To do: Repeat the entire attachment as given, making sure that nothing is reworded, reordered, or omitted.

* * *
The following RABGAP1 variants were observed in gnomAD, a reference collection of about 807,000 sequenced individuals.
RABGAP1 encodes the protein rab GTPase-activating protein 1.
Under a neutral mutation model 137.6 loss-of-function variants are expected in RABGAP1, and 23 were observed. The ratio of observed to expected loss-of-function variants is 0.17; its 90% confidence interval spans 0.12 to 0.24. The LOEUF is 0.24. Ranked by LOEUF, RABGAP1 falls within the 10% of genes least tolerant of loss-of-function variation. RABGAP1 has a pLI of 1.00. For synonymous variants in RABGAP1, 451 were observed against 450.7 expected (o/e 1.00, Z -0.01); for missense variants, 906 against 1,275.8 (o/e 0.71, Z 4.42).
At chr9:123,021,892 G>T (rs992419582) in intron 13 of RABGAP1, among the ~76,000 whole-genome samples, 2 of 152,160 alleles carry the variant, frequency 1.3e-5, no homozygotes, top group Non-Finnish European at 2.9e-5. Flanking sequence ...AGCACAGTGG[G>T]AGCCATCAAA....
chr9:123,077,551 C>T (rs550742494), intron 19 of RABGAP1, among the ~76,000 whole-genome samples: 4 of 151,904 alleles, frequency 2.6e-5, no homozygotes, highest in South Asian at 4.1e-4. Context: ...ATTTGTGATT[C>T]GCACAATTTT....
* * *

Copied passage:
The following RABGAP1 variants were observed in gnomAD, a reference collection of about 807,000 sequenced individuals.
RABGAP1 encodes the protein rab GTPase-activating protein 1.
Under a neutral mutation model 137.6 loss-of-function variants are expected in RABGAP1, and 23 were observed. The ratio of observed to expected loss-of-function variants is 0.17; its 90% confidence interval spans 0.12 to 0.24. The LOEUF is 0.24. Ranked by LOEUF, RABGAP1 falls within the 10% of genes least tolerant of loss-of-function variation. RABGAP1 has a pLI of 1.00. For synonymous variants in RABGAP1, 451 were observed against 450.7 expected (o/e 1.00, Z -0.01); for missense variants, 906 against 1,275.8 (o/e 0.71, Z 4.42).
At chr9:123,021,892 G>T (rs992419582) in intron 13 of RABGAP1, among the ~76,000 whole-genome samples, 2 of 152,160 alleles carry the variant, frequency 1.3e-5, no homozygotes, top group Non-Finnish European at 2.9e-5. Flanking sequence ...AGCACAGTGG[G>T]AGCCATCAAA....
chr9:123,077,551 C>T (rs550742494), intron 19 of RABGAP1, among the ~76,000 whole-genome samples: 4 of 151,904 alleles, frequency 2.6e-5, no homozygotes, highest in South Asian at 4.1e-4. Context: ...ATTTGTGATT[C>T]GCACAATTTT....